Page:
You need to test, we're here to help.

You need to test, we're here to help.

09 June 2015

Testing Techniques For Switch-Mode Power Supplies

A simplified schematic of a switch-mode power supply circuit
Figure 1: A simplified schematic of
a switch-mode power supply circuit
On its journey from wall socket to the device being powered, power typically passes through a switch-mode power supply, where the AC signal is rectified into DC before it reaches the device. After that, the DC signal (often 5 V) is passed on to DC-DC converters on the device's PC board for feeding various voltages to branches of the device's power-delivery network. Let's look at some of the measurement techniques and considerations relative to testing switch-mode power supplies.

What does a basic switch-mode power supply circuit look like? In Figure 1, the input side on the left begins with a diode and capacitor that serve to rectify the AC input. That's followed by a switching transistor, typically a MOSFET, driven by a pulse-width-modulation (PWM) controller that determines how much DC power is seen on the far side of the transformer. Some of this signal is fed to an op amp that provides feedback to the PWM modulator so it can properly adjust the DC voltage depending on the load.

A number of measurements are possible on both sides of the transformer. On the input side, which is not referenced to ground, measurements include:
  • Inrush current
  • Power quality
  • Line power
  • Switching loss
  • Safe operating area
  • Control loop
  • Dynamic on-resistance
On the ground-referenced output side, the roster of measurements include:
  • Step load response
  • Ripple
  • Transformer B-H (magnetization)
  • Saturation
  • Turnoff characteristics

Measuring Voltages

Voltages on switch-mode power supplies present some measurement challenges. They cover a wide dynamic range from millivolts to kilovolts. On the input side, they're not referenced to ground. You have to be concerned with effects of circuit loading. And, it's an inherently noisy environment; that noise can couple into your probe and/or the signal you're trying to measure.

The "complete" voltage circuit comprising a non-ground-referenced DUT and oscilloscope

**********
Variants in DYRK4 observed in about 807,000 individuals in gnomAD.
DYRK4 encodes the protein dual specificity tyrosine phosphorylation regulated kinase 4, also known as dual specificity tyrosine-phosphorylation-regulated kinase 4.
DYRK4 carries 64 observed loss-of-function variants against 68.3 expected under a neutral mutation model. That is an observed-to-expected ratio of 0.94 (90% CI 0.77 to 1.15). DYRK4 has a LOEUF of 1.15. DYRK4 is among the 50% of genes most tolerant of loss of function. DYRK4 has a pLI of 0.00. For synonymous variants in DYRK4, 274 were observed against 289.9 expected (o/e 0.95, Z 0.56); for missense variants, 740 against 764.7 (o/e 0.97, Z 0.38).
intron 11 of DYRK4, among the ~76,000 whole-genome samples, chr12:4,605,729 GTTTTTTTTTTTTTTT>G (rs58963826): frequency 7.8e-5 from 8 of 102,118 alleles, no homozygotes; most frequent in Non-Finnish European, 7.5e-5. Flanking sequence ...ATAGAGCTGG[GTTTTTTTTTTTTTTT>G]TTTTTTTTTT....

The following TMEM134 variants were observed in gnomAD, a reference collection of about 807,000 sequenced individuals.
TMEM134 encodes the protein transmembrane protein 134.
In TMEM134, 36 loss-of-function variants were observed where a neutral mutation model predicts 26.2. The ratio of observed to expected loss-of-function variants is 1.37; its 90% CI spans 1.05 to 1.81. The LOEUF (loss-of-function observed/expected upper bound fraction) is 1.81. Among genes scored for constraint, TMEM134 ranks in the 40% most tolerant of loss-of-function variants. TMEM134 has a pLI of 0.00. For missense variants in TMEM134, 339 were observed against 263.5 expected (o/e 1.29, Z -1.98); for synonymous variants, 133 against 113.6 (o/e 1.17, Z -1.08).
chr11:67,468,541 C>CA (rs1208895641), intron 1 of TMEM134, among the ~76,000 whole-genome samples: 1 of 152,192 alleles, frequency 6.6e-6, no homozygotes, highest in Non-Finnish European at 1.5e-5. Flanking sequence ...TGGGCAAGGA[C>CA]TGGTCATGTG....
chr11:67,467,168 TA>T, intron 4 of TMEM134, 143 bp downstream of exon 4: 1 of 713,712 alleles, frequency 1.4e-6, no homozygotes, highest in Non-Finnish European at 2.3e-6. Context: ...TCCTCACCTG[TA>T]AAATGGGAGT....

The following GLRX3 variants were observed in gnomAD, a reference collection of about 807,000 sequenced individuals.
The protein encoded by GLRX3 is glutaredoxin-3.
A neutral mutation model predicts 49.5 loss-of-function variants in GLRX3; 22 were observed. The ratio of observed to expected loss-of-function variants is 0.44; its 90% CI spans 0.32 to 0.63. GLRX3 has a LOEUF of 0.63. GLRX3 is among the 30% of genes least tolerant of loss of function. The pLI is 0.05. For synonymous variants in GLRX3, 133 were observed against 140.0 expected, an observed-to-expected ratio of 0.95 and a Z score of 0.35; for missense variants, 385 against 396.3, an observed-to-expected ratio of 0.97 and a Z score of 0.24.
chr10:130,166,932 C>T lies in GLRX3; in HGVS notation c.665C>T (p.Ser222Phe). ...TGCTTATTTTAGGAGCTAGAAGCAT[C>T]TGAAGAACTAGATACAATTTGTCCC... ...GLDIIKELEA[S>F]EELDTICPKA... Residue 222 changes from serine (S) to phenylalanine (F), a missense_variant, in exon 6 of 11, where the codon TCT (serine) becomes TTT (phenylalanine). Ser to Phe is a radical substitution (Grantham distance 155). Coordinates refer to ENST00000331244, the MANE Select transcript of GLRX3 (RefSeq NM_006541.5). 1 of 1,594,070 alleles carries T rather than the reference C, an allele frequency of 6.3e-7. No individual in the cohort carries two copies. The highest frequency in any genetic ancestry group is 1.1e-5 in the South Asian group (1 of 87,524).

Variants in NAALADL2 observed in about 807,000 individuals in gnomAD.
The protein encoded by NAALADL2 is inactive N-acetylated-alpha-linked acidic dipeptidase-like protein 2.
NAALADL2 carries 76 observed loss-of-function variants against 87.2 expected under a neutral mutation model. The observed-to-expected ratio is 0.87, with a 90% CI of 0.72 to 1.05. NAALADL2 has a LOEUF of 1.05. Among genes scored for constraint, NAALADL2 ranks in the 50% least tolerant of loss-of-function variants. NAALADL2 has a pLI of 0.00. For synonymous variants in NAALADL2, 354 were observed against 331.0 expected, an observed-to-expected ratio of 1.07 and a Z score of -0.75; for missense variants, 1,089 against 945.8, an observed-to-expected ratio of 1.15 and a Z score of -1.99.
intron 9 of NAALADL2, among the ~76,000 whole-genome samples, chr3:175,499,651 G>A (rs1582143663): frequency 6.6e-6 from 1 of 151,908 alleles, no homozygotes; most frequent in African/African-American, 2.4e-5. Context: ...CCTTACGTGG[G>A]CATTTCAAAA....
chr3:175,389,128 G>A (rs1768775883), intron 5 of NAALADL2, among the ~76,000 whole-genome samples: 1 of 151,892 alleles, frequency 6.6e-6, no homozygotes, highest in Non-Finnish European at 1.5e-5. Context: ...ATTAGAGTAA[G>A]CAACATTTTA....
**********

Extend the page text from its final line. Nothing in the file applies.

Figure 2: The "complete" voltage circuit comprising a
non-ground-referenced DUT and oscilloscope
With a general-purpose oscilloscope and the typical 10-MΩ passive probe, here's the issue for measuring voltages: If you want to probe the MOSFET, where do you connect the ground lead? If you have, say, +175 V on one side of VGS and -175 V on the other, you have no true ground. Sure, you could connect ground to one side but that's liable to result in a short circuit. The probe's ground lead is connected to the case of the oscilloscope, which is connected to earth ground by the ground wire in the oscilloscope's power cord (Figure 2). This results in a ground loop that acts like a shorted transformer turn when intercepting any stray magnetic field. Of course, conductors carrying high currents create these fields.

The circulating current in the ground loop creates a voltage across any impedances within the loop. For AC components, the predominating loss element is inductive. The ground lead at the tip of the probe forms an inductor across which the AC components of this voltage appear. Thus, the voltage at the probe input of the oscilloscope is not equal to the voltage at the probe's tip. Oscilloscopes measure the voltage at the BNC connector, not the probe tips.

A differential amplifier solves the problem of measuring non-ground-referenced voltages
Figure 3: A differential amplifier solves the problem of
measuring non-ground-referenced voltages
The answer to the problem is to use a true differential amplifier, which gives you the best measurement quality for signals that are not referenced to ground (Figure 3). The output of the differential amplifier is referenced to ground, so the oscilloscope remains safely grounded. Both of the amplifier's inputs are high impedance, minimizing the effects of capacitive loading on the circuit's operation and on the measurement.

The differential amplifier takes in the two input signals and subtracts them from each other, which eliminates the need for a ground connection. It also has the benefit of canceling out any common signal on both of the probes (common-mode rejection). Thus, noise coupled from the MOSFET's switching will typically get into both probes and be canceled out. An example of a popular differential amplifier for these kinds of applications is Teledyne LeCroy's DA1855A.

Next time, we'll begin exploring some of the ways in which you can reduce measurement errors when digging around in a switch-mode power supply circuit.


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